View from halfway up to the university

One of the main attractions at the University is the library. You pay a small fee for tickets and wait for about 20 minutes as only about a dozen people in at a time are allowed in. It is beyond description. You are not permitted to take pictures but can buy postcards of the library in their store at the University. As for the rest of the University, you can explore on your own or with a guide. Allow time to explore the University and beyond. There is also an attractive garden down the street from there. Well worth the effort.


law student selling pencils.

the ticket office for entry into the library

Couple going into the church for a wedding

It seemed like it was a tradition to throw the capes down for the bride and groom to walk on

I always like to try local food and restaurants that are not set up for tourists.  I asked the staff at the hotel, and they recommended a restaurant only a couple of blocks from the hotel. So off I went to find the restaurant. I followed their directions down a narrow street only to find myself in an open area with a table and two chairs in the middle — nothing else. I looked around and could not see a restaurant. Upon further inspection, down an opening, I saw a meat display case.  As I got closer, I spied a restaurant on my right. This was not a tourist destination. I took a seat and explained to the waiter what I was looking for, something authentic. I got my wish! I was served this wonderful meal of lamb that had been braising all day in a  broth. Because of the language barrier, I couldn’t fully understand everything he was saying about the dish. My mouth waters just with the memory of it. The only sad part was that the portion was so big I couldn’t finish it or take it back to my hotel.

Narrow street to restaurant

Food display. You can see to the right is the restaurant.

I decided to go to a Fado concert. It was very different from any of the shows in Lisbon.  Men in black capes, usually university students, traditionally do the singing. It was very good, but I preferred the Lisbon version.

Portugal dos Pequenitos is a theme park that has doll-house size buildings that are versions of Portugal’s famous monuments and buildings. Obviously, I am not a child, but I had a fun afternoon exploring the buildings and the garden. The children I saw were having a blast. There is a small store where you can purchase drinks and snacks.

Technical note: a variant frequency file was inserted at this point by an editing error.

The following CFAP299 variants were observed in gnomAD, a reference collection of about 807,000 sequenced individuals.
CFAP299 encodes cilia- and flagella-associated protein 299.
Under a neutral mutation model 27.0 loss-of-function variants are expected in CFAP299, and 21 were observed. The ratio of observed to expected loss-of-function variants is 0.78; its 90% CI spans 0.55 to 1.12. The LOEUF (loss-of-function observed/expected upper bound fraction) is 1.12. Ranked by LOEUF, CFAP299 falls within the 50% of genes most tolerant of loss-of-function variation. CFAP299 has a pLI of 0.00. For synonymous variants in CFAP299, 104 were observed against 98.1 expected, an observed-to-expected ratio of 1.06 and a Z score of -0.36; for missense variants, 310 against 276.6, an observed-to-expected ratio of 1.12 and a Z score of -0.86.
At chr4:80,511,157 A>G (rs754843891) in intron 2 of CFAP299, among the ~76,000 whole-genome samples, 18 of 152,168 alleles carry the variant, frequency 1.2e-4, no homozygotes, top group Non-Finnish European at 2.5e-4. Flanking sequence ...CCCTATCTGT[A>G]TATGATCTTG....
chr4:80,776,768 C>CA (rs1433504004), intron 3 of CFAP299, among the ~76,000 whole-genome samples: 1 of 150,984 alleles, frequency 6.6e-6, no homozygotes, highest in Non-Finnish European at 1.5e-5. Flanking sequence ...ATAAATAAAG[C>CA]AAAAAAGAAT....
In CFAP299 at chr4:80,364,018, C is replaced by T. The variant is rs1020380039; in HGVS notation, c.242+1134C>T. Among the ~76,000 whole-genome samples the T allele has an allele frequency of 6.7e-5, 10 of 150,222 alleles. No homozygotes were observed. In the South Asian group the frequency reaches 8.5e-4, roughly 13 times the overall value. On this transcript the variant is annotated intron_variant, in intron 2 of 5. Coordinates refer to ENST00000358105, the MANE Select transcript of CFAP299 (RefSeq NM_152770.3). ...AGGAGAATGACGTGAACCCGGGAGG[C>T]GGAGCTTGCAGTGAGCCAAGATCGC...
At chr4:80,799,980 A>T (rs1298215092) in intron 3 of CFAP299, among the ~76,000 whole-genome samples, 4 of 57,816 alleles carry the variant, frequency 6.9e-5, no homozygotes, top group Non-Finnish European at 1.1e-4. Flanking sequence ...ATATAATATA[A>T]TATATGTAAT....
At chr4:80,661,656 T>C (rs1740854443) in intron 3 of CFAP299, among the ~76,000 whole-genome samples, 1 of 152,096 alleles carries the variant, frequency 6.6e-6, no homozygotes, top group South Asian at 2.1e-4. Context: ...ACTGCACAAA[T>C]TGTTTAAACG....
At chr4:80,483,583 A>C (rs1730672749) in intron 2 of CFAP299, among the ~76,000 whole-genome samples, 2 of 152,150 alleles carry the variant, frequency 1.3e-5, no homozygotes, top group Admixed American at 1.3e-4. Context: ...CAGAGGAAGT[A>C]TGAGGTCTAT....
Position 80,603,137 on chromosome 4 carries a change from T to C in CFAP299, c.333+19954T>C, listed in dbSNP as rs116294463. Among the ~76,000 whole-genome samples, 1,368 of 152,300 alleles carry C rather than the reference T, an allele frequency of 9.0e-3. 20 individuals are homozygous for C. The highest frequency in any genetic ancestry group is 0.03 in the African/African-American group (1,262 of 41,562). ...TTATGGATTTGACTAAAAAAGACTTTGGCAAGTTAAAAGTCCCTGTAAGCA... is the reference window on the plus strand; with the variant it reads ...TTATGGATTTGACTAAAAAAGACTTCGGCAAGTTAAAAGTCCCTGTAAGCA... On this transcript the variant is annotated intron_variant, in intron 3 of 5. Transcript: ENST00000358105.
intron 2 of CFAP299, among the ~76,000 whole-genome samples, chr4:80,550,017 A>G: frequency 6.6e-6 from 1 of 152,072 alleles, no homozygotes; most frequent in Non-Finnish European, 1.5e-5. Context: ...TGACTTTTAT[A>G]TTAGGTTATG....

There are quaint shopping areas and other sights to see.  But, I did not have time in my two days to see and do everything — next time.



LISBON part three


“And then I realized adventures are the best way to learn.” Anonymous

Lisbon continued to surprise me. I decided to have lunch at the Mercado da Ribeira or also known as the Time Out Market. It is a unique place to eat. There are approximately 35 kiosks of varying types of food to choose from, and the prices are reasonable. All the restaurants and bars are rated 4 or 5 stars by critics. Only the best work at the market, some being Michelin star chefs. The other part of the market has traditional booths that sell flowers, fish, fruits, meat and cheese.


I spent part of a day on Rua Augusta, a pedestrian-only street, lined with many stores and restaurants. I started at the Praca do Comercio square. To the right was the Lisbon Story Centre. You can spend 60 minutes learning about Lisbon from its pre-ancient Roman days to modern times, including the 1755 earthquake. You can see a vivid film re-enacting the horrors and the reconstruction that followed. The quake killed 90,000 people. The cost is 7 euros. However, the best value is to get a Lisbon City card which will get you into most of the museums, etc.


My next stop was at the entrance to the Rua Augusta. I had seen the lineup at the Elevator de Santa Justa, Lisbon’s only vertical street lift. With no lineup at the Arco da Rua Augusta and a small fee, I took an elevator part way up and then a spiral staircase to the top. The views were some of the best in Lisbon, overlooking the main square, the river and Rua Augusta.


Rua de Augusta

Part of the view from the top

Rua de Augusta from the top

Elevator de Santa Justa

By the time I was finished exploring, I was getting hungry, so I went looking for a restaurant on Rua Augusta. I was determined to try as many Portuguese typical foods as possible. I found one restaurant that served sardines. Yes, I was willing to try it! In Canada, our sardines are tiny and come in a tin. Imagine my surprise and slight horror to get a plate, well more like a platter, with five huge sardines on it. I ate most of them but couldn’t quite finish. I found them to be quite delicious. Afterward,  I had the energy to wander up and down Rua Augusta. I am not a big shopper, but it was fun to see the different types of stores.



Cod cakes


It is easy to wander around Lisbon and safe. I was a lone female traveller and never felt unsafe, even walking at night. There was a time where, after being at a fado concert, I stepped outside and discovered that I had no idea where I was! I had taken a taxi to the show. It was dark, and I was hungry. I asked a local where I might find a good restaurant. He pointed in a direction. So, I went in that direction. I got lost and wandered up and down various streets. I eventually found a cool pedestrian-only street, lined with busy restaurants. I chose one and sat at an outside table. I had a lovely meal and was able to do one of my favourite pastimes, people watch. Across the street was a fado bar and people were lined up for the next show. After the show finished and those patrons left, they let more people in for the next show. Fun to watch and the only disappointing thing was that I was not able to hear the music.


Lisbon is easy to explore. There is public transportation, taxis and Uber. One note on taxis – for the most part, they were good. But, I get one driver who thought he was Mario Andretti. I seriously thought I was going to die. I took Ubers after that. They were reasonably priced. I liked the idea of knowing in advance what it was going to cost, when my driver would arrive, and who, my driver would be.


There were so many places that I did not see. Yet another reason to return to Lisbon!